Significantly lower EMGRMS/MSUP activity of the SOL, GM, and GL were observed during MVC of the paretic limb compared with the non-paretic limb (−34 to −73%; Fig. 3). No difference between limbs could be detected for absolute (mV) antagonist TA EMGRMS coactivity (P = 0.62). The SOL of the paretic limb had a lower EMGRMS/MSUP during time windows 0–100 and 0–200 ms (−25, −32%, respectively), but did not reach statistical significance for the time intervals 0–50, 0–150, and 0–250 ms (Table 3). The GM EMGRMS/MSUP of the paretic limb was significantly reduced for all time windows (−58 to −81%; Table 3). The GL of the paretic limb had a lower EMGRMS/MSUP during time windows 0–100, 0–150, 0–200, and 0–250 ms (−41 to −61%), but did not reach statistical significance for the time window 0–50 ms (Table 3). Sample recordings of raw force and EMG traces are presented in Fig. 4.

Fig. 3
figure 3

Root-mean-square electromyogram activity (EMG RMS ) obtained in the soleus (SOL) gastrocnemius medialis (GM) and lateralis (GL) during plantar flexor maximum voluntary isometric contraction, and normalized to the superimposed M-waves (M SUP ). Gray bars paretic limb. Mean ± SE

Table 3 Rapid neural activation
Fig. 4
figure 4

Recordings of plantar flexor maximum voluntary isometric contraction force and corresponding soleus (SOL), tibialis anterior (TA), gastrocnemius medialis (GM) and gastrocnemius lateralis (GL) electromyogram. The end of the sample traces are 500 ms after onset of contraction. The differences between the paretic and non-paretic limb can easily be observed

M-waves and V-waves

The V/MSUP ratios for the SOL and GL were significantly reduced for the paretic limb compared with the non-paretic leg (−35, −34%), while no differences were observed for the GM V/MSUP ratio (Fig. 5). There were no differences between limbs for the maximal M-waves evoked at rest or during MVC (i.e.MSUP; Table 4).

Fig. 5
figure 5

V-waves normalized to the concomitant superimposed M-wave (M SUP ) obtained in the soleus (SOL) gastrocnemius medialis (GM) and lateralis (GL) during plantar flexor maximum voluntary isometric contraction. Gray bars paretic limb. Mean ± SE

Table 4 Amplitudes (μV) of evoked potentials


This study examined side-to-side differences of contractile RFD, normalized EMG, V-wave responses, voluntary activation, and muscle twitch properties of the plantar flexors of the paretic and non-paretic legs in chronic stroke patients. The main findings are that (1) absolute RFD was substantially reduced in the paretic plantar flexors in all analyzed time windows from force onset to 250 ms of muscle contraction; (2) fast neural activation (normalized EMG activity in time windows before 250 ms) was reduced in the paretic leg for most time windows; (3) the normalized V-wave was substantially reduced in the SOL and GL of the paretic limb; and (4) voluntary activation was considerably reduced in the paretic plantar flexors. In addition, normalized EMG activity obtained during maximal force, as well as MVC, was substantially decreased in the paretic limb.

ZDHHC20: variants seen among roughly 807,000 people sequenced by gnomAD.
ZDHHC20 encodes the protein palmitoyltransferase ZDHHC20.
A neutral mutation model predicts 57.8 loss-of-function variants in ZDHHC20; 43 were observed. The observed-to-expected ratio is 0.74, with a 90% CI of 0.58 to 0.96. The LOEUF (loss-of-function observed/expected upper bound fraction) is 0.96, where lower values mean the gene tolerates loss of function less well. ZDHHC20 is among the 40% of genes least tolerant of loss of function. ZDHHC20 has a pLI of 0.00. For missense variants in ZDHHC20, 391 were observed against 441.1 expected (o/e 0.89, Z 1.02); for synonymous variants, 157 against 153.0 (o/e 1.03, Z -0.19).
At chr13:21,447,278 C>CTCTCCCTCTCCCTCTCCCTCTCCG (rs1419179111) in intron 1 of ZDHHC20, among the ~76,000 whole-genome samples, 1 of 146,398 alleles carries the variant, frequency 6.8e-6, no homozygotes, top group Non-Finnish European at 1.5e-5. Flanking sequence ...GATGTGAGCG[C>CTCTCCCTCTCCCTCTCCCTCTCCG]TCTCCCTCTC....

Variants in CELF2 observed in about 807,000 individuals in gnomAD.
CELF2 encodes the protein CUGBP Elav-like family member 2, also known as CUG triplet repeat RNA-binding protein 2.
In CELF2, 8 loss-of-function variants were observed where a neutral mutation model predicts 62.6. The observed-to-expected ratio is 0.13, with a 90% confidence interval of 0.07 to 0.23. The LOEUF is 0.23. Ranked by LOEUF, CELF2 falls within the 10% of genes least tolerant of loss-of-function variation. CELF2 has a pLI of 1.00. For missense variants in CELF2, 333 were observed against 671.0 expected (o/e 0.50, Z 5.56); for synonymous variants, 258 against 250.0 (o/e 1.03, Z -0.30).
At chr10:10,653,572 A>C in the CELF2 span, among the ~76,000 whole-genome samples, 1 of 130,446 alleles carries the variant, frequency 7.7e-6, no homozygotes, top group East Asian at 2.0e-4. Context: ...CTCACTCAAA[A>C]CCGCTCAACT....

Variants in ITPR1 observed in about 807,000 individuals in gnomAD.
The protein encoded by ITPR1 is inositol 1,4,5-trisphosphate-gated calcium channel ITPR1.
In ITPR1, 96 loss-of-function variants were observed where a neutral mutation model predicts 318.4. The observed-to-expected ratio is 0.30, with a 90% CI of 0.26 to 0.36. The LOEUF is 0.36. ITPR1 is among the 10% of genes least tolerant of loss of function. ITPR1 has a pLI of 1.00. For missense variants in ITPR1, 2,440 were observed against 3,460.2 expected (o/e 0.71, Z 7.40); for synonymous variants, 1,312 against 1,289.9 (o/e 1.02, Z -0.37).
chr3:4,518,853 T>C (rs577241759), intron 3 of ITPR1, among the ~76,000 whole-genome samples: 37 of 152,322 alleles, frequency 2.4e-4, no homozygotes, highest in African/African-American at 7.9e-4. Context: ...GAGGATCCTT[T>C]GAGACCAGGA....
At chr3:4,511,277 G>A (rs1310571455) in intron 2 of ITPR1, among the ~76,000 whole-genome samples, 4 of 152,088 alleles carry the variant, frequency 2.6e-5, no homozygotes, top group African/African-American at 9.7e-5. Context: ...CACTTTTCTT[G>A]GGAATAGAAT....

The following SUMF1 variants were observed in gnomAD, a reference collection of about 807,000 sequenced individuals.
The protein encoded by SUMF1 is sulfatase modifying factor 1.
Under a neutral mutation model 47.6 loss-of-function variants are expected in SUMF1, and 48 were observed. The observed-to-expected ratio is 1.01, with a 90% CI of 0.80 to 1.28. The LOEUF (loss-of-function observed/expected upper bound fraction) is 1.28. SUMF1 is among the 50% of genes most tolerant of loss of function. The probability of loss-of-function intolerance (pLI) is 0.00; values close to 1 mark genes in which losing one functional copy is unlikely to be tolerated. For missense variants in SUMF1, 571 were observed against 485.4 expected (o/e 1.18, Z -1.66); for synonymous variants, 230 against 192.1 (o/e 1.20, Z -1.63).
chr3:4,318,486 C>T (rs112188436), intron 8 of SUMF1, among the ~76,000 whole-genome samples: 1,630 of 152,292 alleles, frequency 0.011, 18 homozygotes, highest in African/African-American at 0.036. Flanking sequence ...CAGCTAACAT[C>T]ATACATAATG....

The present investigation found substantial differences in the contractile RFD between the lower limbs in all 50 ms time windows from 0 to 250 ms. Absolute RFD was between one-half and one-third of the paretic limb. However, when RFD was normalized to MVC (i.e. relative RFD) these differences disappeared. This reveals that there is no significant difference between limbs with respect to contractile speed properties of the muscles. It also demonstrates that maximum voluntary force is important to achieve a high absolute RFD for these patients in all investigated time periods. Similar to the results for absolute RFD, the normalized EMG activity during the 50 ms time windows from onset of electrical activity to 250 ms was substantially lower in the paretic plantar flexor muscles for most time windows (see Table 3). Unsurprisingly, this suggests that reduced neuromuscular activity to a large extent explains reduced contractile RFD of the paretic plantar flexors. It can be speculated that the gastrocnemii contributed more to the absolute RFD impairment of the paretic limb, as the EMG impairments seemed to be more substantial for these muscles than the SOL (see Table 3).